Bird News from Dr. Kim Shin-Hwan
Namyang Bay/Hwaseong, September 16

A non-breeding presumed Long-billed Dowitcher was present and (very!) well-photographed. Consideration of an ID article on the Surfbirds website suggests the possibility of Short-billed, but Alvaro Jaramillo, a leading American ID specialist, kindly provided the following commentary at our request:

Winter plumages are perhaps impossible, or nearly impossible to identify. At least the variation in plumages is not well known, and one is really identifying them on average traits rather than definitive traits. The best way to separate these is by call. Nevertheless, the overall dark breasted look of this bird and the generally long bill is suggestive of Long-billed Dowitcher. Furthermore there are a few alternate feathers left on the breast, right in a good spot to see spotting pattern. The two good spots I see are elongated, more like bars, rather than small spots. This also points to Long-billed Dowitcher. Given that Long-bills have more red on the underparts, that single reddish feather by the legs is also good for Long-billed. So overall, I would go for Long-billed, but you can't be 100% certain.
(AJ: September, 2008).

Long-billed Dowitcher Alcedo atthis, Photo © Dr. Kim Shin-Hwan

Bird News from Tim Edelsten
Songdo, September 15

Birds much the same as seen here by R. Newlin yesterday (a full selection of waders), although new in 2 Sand Martin and a Japanese Sparrowhawk: also 2 Temminck's Stint and now up to 15 Common Snipe: Common Teal and Shoveler have arrived in good numbers, also c.15 Marsh Sandpiper. On the reclaimed grassland area, up to 10 Far Eastern Lark.

Japanese Sparrowhawk Accipiter gularis, Photo © Tim Edelsten

Marsh Sandpiper Tringa stagnatilis, Photo © Tim Edelsten

Bird News from Robin Newlin
Songdo, September 14

Chuseok morning and mid-day at Incheon's Songdo: some excellent shorebirds. Construction workers were on holiday, which may have contributed to the good variety of birds present; at the same time, miniature airplane enthusiasts and a persistent Peregrine Falcon drove the same birds into flight or cover. Several Yellow Wagtails flitted about.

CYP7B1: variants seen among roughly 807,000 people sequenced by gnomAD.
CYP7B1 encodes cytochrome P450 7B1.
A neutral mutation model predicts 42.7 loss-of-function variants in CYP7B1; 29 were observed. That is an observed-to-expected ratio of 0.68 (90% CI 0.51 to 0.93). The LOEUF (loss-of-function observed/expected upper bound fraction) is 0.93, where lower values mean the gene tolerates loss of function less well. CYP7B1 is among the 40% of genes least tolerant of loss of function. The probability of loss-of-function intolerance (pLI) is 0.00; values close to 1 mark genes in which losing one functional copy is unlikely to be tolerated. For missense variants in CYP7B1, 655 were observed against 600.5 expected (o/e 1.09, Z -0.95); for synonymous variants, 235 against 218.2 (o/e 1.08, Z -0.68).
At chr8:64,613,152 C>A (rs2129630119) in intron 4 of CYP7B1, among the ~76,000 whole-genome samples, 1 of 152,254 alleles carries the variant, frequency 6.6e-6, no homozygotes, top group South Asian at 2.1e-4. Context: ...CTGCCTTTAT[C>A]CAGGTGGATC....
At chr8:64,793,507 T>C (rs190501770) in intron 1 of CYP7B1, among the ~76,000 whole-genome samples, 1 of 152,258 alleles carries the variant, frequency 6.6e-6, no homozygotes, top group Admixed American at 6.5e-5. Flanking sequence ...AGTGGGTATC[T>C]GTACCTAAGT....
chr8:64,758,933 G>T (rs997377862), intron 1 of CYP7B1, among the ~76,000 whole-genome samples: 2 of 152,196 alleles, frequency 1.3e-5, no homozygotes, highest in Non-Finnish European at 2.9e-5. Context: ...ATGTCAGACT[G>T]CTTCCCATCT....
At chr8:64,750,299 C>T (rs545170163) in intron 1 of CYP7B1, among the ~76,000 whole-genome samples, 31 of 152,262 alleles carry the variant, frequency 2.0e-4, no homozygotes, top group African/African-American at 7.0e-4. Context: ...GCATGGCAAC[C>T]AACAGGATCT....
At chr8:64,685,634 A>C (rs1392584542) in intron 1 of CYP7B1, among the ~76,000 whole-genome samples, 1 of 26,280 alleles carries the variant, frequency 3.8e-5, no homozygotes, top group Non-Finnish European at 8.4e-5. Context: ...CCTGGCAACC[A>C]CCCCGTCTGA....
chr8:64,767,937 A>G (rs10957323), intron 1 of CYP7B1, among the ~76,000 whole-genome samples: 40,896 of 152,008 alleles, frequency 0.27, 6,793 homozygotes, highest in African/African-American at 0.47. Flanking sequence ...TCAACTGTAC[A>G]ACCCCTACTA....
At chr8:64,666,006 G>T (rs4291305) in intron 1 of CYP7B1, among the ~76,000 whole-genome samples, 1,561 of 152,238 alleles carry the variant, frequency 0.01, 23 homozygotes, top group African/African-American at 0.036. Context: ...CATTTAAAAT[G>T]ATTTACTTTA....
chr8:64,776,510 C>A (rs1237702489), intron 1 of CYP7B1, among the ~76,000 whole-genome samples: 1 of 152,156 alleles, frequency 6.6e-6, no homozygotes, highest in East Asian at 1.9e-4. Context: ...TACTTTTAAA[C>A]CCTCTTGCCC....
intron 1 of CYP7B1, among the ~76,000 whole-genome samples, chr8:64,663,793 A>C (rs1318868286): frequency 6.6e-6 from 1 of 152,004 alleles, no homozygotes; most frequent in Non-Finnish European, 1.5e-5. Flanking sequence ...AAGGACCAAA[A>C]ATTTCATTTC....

Shorebird highlights were: several hundred Black-tailed Godwits, about a dozen Sharp-tailed Sandpipers, 1 Red-necked Stint, 2 Temminck's Stint, 5 Long-toed Stint, 2 Spotted Redshank, 6 Common Redshank, about 30 Marsh Sandpipers, 1 Terek Sandpiper, 1 Common Sandpiper, a few Wood Sandpipers and Common Greenshanks, 3 Common Snipe. Most excitement (and some frustration, esp. photography-wise) was from a distant view of 2 apparent Long-billed Dowitchers feeding next to Marsh Sandpipers and Black-tailed Godwits. Structure, size and coloration suggested 2 juveniles (the easiest to distinguish among dowitchers). After a jog around a few bends to a closer vantage point the birds were no longer in sight. Prolonged searching relocated one individual in the grassy reed area; this bird stayed partly hidden, but emerged to show (through a scope view) the very long Snipe-like bill, strong supercilium, greyish breast and lack of bright "fringing" on the mantle that would suggest a Long-bill. Unfortunately, the Pergrine appeared and attacked the nearby Godwit group, flushing everything.